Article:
Wednesday, May 14, 2003

Disease of the Month Club

Now that AIDS is out of the way (cough, cough, hey buddy, wanna buy a bridge?), it’s time to select the big important disease of the next 15 years, the one to get all the research bucks and to get conservatives all up in arms about the attention being paid to it and the groups it affects most.  So which one will it be…
  • Ebola?  Coming from deepest, darkest Africa, with unknown origins and even unclear methods of transmission, Ebola has all the makings of a panic inducer.  On the other hand, it is largely confined to the Third World at this point.  Can it really be a worry if it isn’t affecting middle class white males in the United States?
  • West Nile Virus?  Malaria redux, and you can get it just by being outside when mosquitoes are out.  Doubly scary because it affect crows, too.  And horses.  And llamas.  And crocodiles.  And…
  • SARS?  The double whammy of having a four-letter acronym (which might change once we learn more, of course; AIDS was originally GRID) and coming out of China, giving an easily identifiable group of people to point at and run from.  May also have jumped the species barrier, akin to some theories on the origin of AIDS.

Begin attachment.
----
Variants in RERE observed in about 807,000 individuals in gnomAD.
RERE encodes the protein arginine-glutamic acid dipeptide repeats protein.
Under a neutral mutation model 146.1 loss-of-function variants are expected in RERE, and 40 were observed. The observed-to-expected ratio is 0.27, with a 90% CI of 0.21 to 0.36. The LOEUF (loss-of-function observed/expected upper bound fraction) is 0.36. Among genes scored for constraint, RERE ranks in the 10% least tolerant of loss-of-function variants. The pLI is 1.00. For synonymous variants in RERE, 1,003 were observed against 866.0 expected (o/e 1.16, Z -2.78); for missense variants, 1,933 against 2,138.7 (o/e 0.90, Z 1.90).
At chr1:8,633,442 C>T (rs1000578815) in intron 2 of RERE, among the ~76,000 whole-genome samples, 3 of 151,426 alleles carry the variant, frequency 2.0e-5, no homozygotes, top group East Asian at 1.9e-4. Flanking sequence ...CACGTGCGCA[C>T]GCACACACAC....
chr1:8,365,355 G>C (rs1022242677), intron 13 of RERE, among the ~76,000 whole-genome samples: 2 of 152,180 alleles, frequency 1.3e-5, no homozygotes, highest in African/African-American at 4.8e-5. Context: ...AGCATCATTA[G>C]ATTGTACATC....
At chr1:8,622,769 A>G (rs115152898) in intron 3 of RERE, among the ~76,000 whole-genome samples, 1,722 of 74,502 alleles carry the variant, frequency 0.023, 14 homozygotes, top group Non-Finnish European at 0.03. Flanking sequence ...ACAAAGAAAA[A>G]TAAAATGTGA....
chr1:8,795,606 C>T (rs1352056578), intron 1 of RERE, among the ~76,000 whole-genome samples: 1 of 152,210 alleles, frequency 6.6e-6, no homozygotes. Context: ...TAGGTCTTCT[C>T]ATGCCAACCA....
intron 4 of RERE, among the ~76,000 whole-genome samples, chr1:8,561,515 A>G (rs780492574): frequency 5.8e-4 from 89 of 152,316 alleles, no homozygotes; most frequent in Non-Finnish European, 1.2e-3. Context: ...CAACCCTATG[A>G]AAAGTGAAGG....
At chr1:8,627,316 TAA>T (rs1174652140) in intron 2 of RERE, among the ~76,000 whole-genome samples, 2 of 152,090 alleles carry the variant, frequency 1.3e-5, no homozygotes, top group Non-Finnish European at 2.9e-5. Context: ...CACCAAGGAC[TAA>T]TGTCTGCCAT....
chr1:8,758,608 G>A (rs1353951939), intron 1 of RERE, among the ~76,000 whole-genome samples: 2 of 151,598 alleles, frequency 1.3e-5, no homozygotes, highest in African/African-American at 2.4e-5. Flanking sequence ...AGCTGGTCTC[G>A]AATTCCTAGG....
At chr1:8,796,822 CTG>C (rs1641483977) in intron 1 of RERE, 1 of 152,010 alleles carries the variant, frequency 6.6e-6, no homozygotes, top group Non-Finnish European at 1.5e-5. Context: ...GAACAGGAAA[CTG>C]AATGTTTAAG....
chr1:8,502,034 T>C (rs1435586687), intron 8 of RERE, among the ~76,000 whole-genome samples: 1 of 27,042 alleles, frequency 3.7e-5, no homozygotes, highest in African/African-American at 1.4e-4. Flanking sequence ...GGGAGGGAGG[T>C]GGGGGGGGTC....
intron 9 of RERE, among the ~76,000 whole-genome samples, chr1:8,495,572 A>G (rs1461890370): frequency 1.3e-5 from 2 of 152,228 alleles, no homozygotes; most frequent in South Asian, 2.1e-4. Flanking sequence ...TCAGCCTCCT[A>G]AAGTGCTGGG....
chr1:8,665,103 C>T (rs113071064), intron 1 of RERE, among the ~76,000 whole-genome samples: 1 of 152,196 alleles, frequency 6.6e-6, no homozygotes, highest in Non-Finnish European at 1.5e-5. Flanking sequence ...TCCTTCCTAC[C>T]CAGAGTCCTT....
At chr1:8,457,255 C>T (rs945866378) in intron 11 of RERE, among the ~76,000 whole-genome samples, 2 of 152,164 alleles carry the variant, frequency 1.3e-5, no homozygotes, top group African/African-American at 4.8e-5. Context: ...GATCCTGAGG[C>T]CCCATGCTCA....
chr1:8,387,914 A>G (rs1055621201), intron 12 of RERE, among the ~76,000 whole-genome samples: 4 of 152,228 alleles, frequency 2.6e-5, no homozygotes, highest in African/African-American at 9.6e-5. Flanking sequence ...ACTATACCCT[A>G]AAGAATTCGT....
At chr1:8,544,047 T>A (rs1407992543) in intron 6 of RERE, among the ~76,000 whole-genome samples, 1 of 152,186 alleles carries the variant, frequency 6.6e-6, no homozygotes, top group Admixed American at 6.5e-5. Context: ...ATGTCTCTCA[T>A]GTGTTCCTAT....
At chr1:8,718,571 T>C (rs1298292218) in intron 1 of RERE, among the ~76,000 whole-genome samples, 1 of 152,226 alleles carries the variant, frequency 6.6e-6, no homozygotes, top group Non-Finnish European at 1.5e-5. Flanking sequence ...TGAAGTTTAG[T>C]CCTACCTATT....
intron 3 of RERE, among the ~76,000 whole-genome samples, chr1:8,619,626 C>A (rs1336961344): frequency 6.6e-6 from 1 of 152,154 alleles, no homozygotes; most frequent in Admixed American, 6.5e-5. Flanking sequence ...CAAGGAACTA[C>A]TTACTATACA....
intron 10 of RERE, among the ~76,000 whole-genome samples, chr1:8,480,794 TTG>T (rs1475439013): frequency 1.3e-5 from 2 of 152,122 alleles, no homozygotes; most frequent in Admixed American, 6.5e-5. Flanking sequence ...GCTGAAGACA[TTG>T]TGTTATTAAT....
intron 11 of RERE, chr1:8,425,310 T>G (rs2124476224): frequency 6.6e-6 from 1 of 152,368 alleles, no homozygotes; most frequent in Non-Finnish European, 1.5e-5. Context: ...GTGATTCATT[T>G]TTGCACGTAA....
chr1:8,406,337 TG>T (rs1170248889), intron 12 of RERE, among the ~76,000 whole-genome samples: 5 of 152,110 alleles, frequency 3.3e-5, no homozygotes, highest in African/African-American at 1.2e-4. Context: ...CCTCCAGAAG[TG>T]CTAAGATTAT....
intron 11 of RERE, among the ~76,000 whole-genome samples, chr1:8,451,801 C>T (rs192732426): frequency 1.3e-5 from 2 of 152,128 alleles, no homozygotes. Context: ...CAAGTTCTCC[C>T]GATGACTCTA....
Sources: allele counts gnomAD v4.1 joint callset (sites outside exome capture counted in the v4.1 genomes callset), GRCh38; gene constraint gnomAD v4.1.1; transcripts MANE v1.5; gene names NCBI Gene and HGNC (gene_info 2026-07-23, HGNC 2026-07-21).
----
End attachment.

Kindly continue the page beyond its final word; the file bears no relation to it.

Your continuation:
• Something else?  It’s seems like a new deadly disease has shown up every couple years for the past decade, so there may be more on the way, things to topple even these three as King of the Hill.

Updated on May 31, 2003

Updated on July 26, 2010
Something else, obviously: H1N1 Bird Flu.  Attack kids.  Comes from Mexico, or Southeast Asia, or somewhere that people have different colored skin.  Perfect.

Tuesday, May 13, 2003

Dinner, Anyone?

Courtesy of the March 2003 issue of National Geographic is today’s fun word:
A fork used by cannibals in Fiji to feed people who were considered too holy to touch food.

Sunday, May 11, 2003

Caller ID

Sometimes Caller ID gives the wrong information, by accident.

Saturday night, I got a call from “Emerald Hospita” (Caller ID only gives 15 characters).  My mind filled in the missing letter, so when I answered the phone, my heart rate was already up, and when my boyfriend’s voice was on the other end, it jumped another notch.

“Are you all right?” I said, scared.  “Why are you at the hospital?”